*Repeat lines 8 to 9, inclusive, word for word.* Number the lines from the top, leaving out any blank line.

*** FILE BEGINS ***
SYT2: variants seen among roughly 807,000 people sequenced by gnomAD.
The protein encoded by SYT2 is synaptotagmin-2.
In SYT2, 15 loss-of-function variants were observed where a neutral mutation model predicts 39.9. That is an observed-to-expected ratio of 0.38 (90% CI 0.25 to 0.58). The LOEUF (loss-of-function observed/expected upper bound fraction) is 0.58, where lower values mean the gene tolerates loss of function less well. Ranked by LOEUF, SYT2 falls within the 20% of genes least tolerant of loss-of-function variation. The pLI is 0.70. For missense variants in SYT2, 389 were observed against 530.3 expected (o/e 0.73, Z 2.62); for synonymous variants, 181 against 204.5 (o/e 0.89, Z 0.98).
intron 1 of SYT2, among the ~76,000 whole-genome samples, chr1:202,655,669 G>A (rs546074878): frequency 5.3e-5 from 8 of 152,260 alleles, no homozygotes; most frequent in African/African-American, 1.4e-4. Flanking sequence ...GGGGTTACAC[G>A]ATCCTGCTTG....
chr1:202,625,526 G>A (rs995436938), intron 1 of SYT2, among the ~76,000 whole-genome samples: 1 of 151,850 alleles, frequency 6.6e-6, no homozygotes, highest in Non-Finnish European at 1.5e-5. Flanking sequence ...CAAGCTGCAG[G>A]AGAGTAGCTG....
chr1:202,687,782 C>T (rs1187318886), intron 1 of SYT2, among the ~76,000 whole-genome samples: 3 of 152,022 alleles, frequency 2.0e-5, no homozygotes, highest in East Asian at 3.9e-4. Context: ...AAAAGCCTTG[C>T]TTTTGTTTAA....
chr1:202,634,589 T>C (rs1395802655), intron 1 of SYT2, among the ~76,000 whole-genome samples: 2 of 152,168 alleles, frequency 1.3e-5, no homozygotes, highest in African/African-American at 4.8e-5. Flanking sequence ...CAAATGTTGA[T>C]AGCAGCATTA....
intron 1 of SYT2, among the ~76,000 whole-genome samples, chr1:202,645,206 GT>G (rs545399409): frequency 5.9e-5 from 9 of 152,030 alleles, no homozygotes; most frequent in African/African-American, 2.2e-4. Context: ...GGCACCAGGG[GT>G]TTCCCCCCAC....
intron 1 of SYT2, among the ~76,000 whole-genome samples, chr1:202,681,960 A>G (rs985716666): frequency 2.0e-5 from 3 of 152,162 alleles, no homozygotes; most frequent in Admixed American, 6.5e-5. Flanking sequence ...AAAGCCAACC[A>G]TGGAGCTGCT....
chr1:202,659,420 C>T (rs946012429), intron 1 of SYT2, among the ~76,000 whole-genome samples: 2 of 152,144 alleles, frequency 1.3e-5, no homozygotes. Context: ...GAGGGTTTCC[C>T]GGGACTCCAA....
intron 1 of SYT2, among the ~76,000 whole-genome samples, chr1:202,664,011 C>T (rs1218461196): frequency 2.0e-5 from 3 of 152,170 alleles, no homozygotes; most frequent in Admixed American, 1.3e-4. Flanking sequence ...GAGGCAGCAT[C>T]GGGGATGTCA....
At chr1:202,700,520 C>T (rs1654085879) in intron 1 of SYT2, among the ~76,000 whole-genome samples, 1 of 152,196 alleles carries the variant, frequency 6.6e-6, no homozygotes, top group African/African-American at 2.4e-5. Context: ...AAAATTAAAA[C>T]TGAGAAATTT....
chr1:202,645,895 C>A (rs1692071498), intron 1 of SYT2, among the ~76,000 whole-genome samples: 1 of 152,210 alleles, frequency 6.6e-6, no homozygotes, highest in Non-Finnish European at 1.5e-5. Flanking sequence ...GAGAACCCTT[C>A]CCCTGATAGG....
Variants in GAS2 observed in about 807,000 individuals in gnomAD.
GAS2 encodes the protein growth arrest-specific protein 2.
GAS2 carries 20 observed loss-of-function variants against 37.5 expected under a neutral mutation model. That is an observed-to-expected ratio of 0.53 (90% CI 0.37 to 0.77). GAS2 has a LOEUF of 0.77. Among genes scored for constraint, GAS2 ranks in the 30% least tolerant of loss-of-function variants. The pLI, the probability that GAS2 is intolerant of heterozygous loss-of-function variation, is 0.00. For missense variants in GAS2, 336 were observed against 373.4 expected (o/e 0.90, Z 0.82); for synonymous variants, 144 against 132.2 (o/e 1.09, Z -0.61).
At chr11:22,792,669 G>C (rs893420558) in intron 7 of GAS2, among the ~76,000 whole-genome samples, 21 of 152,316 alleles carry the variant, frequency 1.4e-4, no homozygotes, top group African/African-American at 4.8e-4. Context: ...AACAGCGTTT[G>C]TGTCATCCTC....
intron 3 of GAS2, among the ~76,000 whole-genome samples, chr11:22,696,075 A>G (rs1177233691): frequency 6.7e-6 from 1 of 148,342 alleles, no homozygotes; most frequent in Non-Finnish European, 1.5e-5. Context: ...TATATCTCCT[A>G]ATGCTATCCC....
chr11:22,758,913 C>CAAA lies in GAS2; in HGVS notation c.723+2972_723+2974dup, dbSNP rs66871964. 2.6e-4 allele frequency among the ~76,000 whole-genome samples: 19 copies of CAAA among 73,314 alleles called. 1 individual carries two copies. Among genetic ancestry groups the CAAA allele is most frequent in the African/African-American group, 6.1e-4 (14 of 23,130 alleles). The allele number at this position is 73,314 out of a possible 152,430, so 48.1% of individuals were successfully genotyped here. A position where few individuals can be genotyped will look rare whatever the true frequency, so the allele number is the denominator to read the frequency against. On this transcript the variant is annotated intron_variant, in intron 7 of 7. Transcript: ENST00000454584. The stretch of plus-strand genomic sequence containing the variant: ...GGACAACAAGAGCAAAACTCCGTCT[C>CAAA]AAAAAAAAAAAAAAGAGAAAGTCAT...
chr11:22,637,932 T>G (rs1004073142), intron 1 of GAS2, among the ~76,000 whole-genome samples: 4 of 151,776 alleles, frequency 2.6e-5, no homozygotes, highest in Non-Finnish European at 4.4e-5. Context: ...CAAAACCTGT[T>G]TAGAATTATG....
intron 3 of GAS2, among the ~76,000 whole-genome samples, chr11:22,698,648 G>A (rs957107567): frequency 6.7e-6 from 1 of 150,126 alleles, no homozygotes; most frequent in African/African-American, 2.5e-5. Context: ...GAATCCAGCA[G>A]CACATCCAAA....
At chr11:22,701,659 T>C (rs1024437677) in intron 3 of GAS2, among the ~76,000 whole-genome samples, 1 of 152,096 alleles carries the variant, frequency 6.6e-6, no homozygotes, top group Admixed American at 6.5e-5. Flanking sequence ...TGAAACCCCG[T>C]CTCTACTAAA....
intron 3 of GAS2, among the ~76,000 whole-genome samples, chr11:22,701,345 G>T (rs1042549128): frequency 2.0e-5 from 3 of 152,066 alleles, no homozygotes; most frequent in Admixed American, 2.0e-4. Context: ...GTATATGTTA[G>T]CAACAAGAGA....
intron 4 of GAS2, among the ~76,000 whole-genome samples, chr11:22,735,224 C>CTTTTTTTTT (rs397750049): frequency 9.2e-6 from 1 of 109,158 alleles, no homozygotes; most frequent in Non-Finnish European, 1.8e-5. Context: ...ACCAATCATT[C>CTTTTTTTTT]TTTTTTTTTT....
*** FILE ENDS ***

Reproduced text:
intron 1 of SYT2, among the ~76,000 whole-genome samples, chr1:202,645,206 GT>G (rs545399409): frequency 5.9e-5 from 9 of 152,030 alleles, no homozygotes; most frequent in African/African-American, 2.2e-4. Context: ...GGCACCAGGG[GT>G]TTCCCCCCAC....
intron 1 of SYT2, among the ~76,000 whole-genome samples, chr1:202,681,960 A>G (rs985716666): frequency 2.0e-5 from 3 of 152,162 alleles, no homozygotes; most frequent in Admixed American, 6.5e-5. Flanking sequence ...AAAGCCAACC[A>G]TGGAGCTGCT....